Marco Bellezza, Senior Associate Portolano Cavallo Studio legale and an AnOx 2013 Participant, analyzes ongoing changes to the enforcement of intellectual property rights in the EU.
On July 1st the European Commission issued two new communications related to the enforcement of intellectual property rights (IPRs). The first communication focused on IPR protection between the EU and non-EU countries while the other aimed at building a “[…] renewed consensus on the enforcement of Intellectual Property Rights” through a 10 point action plan which lists actions to be developed in the next future.
The latter communication is particularly ambitious and represents a turning point in the EU policies related to the enforcement of IPRs, specifically in connection with the online environment. The Commission suggests that efforts in the coming years should focus on a wide set of non- legislative measures that are able to tackle the commercial scale of IPRs’ infringements online, in addition to more traditional mechanisms.
The Commission remarks that, as a general approach, the enforcement measures “[..] must be proportionate and minimize the risk that they be abused for anti-competitive practices that could undermine the emergence of new innovative products and business model and unduly restrict fundamental freedoms.” This comes in light of the approach suggested and taken by the CJEU in its recent case-law (see the Telekabel case for reference).
Regarding online infringements, as anticipated, the Commission stresses that a different and new approach is needed to fight against the mass-scale infringements. In this field a prominent role is played by the so called “follow the money” approach which requires agreements among all the stakeholders involved (i.e. right holders, ISPs, payment-services providers, advertising providers, shippers, sellers, etc.) aimed at depriving IPRs’ infringers of their revenue streams.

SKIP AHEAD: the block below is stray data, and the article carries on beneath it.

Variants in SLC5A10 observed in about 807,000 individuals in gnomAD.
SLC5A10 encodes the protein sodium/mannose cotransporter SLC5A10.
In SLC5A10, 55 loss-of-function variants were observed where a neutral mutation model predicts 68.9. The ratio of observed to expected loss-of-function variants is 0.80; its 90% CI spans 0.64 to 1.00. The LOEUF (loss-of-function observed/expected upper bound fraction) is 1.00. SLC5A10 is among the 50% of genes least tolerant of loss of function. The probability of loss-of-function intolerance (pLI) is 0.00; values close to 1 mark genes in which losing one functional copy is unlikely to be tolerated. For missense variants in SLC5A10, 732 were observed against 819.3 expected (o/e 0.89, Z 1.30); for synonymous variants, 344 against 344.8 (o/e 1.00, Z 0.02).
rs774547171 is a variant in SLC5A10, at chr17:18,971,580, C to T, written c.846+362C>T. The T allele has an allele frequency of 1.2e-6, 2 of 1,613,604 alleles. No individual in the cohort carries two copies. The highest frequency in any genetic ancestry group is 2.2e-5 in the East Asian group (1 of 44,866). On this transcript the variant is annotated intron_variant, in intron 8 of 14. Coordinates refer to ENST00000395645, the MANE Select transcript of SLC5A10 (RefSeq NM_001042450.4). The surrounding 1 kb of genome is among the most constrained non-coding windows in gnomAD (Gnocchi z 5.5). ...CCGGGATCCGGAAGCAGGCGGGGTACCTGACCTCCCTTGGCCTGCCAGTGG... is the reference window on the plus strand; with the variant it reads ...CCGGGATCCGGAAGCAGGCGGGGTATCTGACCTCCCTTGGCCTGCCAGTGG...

The Commission devotes a point of its action plan to the “follow the money” policy planning a new stakeholder dialogue for the 2014-2015 (following the Memorandum of Understanding signed on the matter in 2011) aimed at reaching new agreements between stakeholders in order to put in place rapid response mechanisms against IPRs’ infringements. Such agreements, as stressed by the Commission, must be construed in a way compatible with the protection of fundamental rights of the subjects involved, as provided by the EU Charter of Fundamental Rights, and preserving a competitive environment.
The preference of the Commission for innovative non-legislative measures in the field of the IPRs enforcement is surely a turning point for EU, especially considering the strong apparatus of procedural instruments already prevailing on the enforcement side. But, as Ms. Neelie Kroes, vice-president of the Commission responsible for the digital agenda, very recently and effectively remarked, “[…] that approach to enforcement cannot stand alone. It must be accompanied by wider and significant reform.”
The outcomes and the contributions offered in the context of the public consultation “on the review of EU copyright rules” closed by the Commission on March 2014 were promising and directed to achieve a new legislative framework with much space for exceptions and limitation to copyright in order to foster innovation and innovative business models in the rising EU digital single market. The hope is that the new Commission will handle this dossier quickly, since, as Ms. Kroes stated, “Now it’s time to act.”